3 months/50% off!
The Advocate's Store
Year in Review Series
Order PDF from Wrightslaw - Immediate Download
About the Book
Wrightslaw: Legal Developments & Cases 2015
Is a Wrightslaw Training
Coming to Your State?
Check Out the Full
Schedule thru 2017
When is Wrightslaw
Coming to My City?
More Resources from Wrightslaw
Special Ed Advocate Newsletter
It's Unique ... and Free!
Beacon: Journal of Special Ed Law & Practice
From Emotions to Advocacy
Best School Websites
in saving money on
Benefit from overstocks!
to place your order.
Yellow Pages for Kids User Guide
To search for a specific resource listing in your state, return to the state pages.
Listings Are Organized
Find educational consultants, psychologists, educational diagnosticians, health care providers, academic therapists, tutors, speech language therapists, occupational therapists, coaches, advocates, and attorneys for children with disabilities on the Yellow Pages for Kids for your state.
You will also find special education schools, learning centers, treatment programs, parent groups, respite care, community centers, grassroots organizations, and government programs for children with disabilities.
Search Tip: So you don't have to scroll through pages of addresses, do this: Press Control+F, then type in your city, zip code, or other search criteria. Try zip codes for other nearby towns.
the Yellow Pages for Kids, individuals
and organizations are listed in alphabetical order, not by category (i.e., evaluators,
advocates). At first, we attempted to develop categories. The resources of these
pages are so diverse that this was impossible.
Tip: Bookmark the Yellow
Pages for your state so you can return to the page when you need help. The
listings on these pages change often - sometimes daily.
Learn to Be an Effective Advocate
In the beginning, the process of advocating for your child feels overwhelming.
This is normal. Effective advocacy involves research, planning and preparation.
You will learn how to find accurate information and how to use your emotions as
a source of energy.
When you take the steps listed below, your child's
life will change for the better.
You need to learn about your child's disability, how the disability
affects your child, and about appropriate educational and remediation techniques.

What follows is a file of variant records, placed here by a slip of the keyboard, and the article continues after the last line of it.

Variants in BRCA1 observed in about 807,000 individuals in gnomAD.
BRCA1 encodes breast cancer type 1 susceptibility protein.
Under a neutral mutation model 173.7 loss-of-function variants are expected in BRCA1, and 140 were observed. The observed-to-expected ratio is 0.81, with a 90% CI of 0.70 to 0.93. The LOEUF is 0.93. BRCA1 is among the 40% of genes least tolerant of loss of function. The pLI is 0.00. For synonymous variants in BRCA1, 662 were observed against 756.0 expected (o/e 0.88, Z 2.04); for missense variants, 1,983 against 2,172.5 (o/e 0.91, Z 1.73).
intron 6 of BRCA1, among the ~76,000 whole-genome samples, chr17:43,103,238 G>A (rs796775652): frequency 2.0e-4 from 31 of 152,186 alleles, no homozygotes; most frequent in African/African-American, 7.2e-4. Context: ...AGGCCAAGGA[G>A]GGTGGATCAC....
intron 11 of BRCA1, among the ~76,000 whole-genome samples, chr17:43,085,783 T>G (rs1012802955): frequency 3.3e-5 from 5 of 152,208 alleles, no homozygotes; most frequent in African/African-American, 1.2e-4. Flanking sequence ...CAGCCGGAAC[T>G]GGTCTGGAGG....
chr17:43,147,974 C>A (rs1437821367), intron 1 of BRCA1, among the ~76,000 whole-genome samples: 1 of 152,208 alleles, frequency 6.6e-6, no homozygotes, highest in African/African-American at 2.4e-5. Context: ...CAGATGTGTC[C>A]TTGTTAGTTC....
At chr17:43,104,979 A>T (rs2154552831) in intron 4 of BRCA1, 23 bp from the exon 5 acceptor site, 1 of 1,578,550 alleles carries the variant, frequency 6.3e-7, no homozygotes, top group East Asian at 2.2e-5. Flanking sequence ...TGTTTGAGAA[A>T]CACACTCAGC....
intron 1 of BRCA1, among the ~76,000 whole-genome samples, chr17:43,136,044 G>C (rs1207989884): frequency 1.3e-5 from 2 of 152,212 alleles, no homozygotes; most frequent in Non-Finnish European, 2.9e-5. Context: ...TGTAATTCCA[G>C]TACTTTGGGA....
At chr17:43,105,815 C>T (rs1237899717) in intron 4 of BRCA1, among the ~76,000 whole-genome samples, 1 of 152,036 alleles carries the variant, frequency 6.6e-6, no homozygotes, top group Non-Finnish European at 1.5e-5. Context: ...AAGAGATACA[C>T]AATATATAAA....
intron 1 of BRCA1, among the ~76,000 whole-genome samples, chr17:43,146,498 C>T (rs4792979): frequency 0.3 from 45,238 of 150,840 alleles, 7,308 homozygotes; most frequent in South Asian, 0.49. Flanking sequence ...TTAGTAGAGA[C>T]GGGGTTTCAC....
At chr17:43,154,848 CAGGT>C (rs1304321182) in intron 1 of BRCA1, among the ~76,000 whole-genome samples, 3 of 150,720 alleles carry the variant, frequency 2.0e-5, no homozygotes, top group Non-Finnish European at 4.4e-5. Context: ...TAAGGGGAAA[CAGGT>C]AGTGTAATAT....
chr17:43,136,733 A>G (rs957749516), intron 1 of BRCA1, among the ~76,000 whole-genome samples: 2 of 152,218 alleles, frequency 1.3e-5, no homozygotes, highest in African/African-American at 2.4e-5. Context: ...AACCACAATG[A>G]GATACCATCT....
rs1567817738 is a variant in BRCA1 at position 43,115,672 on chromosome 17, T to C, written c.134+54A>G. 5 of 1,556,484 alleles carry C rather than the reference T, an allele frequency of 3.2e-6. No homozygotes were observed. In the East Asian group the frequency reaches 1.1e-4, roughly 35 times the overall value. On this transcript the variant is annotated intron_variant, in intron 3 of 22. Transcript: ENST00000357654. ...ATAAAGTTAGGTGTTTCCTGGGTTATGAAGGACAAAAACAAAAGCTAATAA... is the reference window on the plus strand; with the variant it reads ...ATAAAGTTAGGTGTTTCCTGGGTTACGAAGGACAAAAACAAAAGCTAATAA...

The groups listed in the
Directory of Disabilities Organizations and Information Groups are an invaluable
source of information.
In addition to learning about your child's disability,
you need to learn about your rights and responsibilities. Contact your State
Department of Education and request a copy of your state special education
regulations and other information about special education issues published by
To learn about special education law and advocacy, subscribe
to The Special Ed Advocate,
the free online newsletter from Wrightslaw.
You can read back issues in the
Newsletter Archives. More
Free Online Newsletters.
Build Your Team
Consult with a child psychologist, educational diagnostician, consultant, or advocate
who can advise you about your child's education and appropriate goals for your
Look for an individual in the private sector who is knowledgeable
about your child's disability, child development, and special education. In addition
to making recommendations about your child's educational program, your advocate
or consultant should be willing to attend school meetings to support these recommendations.
How Can I Find an
Evaluator? Tutor? Advocate? Attorney
Partners: Independent Evaluators and Educational Consultants
to Expect from an Evaluation of Your Child
Join a Parent Group
When you join a parent group, you will meet other parents who have traveled
down the same road. You can learn from their successes and mistakes. They will
help you learn the "rules of the game."